Reich’s thought that you can almost double wages in a fast-food restaurant — where labor costs usually are about 30 percent of revenues and margins run in the 8 to 10 percent range — and not impact the cost to consumers or the business is illogical at best. The fact that Reich calls himself an economist is laughable. He is a political hack and nothing better.

The real question Reich fails to answer, or even asked, is: why has the private sector seen 25 percent productivity gains, yet the public side has shown nothing but expanded costs to taxpayers? What is wrong with that picture and why does the media ignore the serious waste in government that is driving the economy off its rails in cities (Detroit, for example) and at federal and state levels?

To run such a flawed piece is tantamount to defrauding the public which, at one time, trusted the media to look out for the public interest. … CHRIS LOCKHART, BUTLER TWP.

Reich must be living in ‘fantasy land’

Re “Labor Day wish? Raise the minimum wage please,” Aug. 28: Robert Reich is at it again! The stupidity of his argument is stupefying. Raising minimum wage won’t be passed on to consumers? Really?

Reich says: “And don’t believe critics who say any wage gains these workers receive will be passed on to consumers in higher prices. Big-box retailers and fast-food chains have to compete intensely for consumers. They have no choice but to keep their prices low.” Well, Reich got it partly right. Retailers and fast-food chains already have prices cut to the bone “to compete intensely for consumers.”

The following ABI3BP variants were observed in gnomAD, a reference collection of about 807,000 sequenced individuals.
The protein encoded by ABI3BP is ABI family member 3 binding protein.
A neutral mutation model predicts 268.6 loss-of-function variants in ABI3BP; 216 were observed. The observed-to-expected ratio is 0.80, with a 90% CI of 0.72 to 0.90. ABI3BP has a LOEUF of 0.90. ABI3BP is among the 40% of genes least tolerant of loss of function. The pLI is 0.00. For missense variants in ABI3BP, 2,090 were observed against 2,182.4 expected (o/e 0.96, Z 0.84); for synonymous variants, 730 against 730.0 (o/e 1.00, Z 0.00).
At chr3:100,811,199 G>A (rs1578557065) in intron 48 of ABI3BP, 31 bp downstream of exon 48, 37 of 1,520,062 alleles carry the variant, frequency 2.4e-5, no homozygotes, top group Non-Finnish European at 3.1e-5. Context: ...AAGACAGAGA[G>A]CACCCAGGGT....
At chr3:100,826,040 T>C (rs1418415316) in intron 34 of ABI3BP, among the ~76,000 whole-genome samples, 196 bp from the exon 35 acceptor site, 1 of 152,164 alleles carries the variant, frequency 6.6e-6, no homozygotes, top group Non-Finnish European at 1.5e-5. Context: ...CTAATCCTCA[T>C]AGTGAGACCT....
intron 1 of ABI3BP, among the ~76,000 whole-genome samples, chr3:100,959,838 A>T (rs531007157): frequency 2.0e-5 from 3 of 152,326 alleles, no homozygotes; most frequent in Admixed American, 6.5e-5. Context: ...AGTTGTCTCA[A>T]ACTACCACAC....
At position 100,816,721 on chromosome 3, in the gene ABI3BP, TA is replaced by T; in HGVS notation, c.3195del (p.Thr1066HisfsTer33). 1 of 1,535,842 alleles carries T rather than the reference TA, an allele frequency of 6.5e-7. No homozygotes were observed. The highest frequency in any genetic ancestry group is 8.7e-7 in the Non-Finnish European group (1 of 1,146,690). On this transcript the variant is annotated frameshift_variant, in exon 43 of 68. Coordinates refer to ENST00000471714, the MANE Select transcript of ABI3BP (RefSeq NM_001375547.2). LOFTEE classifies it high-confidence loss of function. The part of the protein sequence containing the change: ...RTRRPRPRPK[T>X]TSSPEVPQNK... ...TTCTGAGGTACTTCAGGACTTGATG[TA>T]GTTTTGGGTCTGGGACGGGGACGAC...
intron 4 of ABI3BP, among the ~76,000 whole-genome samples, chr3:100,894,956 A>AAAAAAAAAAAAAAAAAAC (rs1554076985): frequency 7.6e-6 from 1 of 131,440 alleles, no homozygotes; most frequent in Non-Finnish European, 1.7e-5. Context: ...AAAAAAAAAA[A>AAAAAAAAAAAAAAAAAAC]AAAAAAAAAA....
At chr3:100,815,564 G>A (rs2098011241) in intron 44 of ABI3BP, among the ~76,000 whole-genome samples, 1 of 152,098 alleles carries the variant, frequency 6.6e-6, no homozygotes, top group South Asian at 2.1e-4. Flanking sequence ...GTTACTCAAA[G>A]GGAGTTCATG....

To believe shareholders and company management will eat a minimum-wage increase is fantasy land. The last time a minimum-wage increase went into effect a few years ago, the local McDonald’s promptly raised its prices. For Reich and his ilk not to see cause and effect demonstrates the obtuseness of progressive thought. KEVIN SCHNABEL, CENTERVILLE


Reader Comments ...


Next Up in News

Mom writes school, says daughter is ‘done with homework’
Mom writes school, says daughter is ‘done with homework’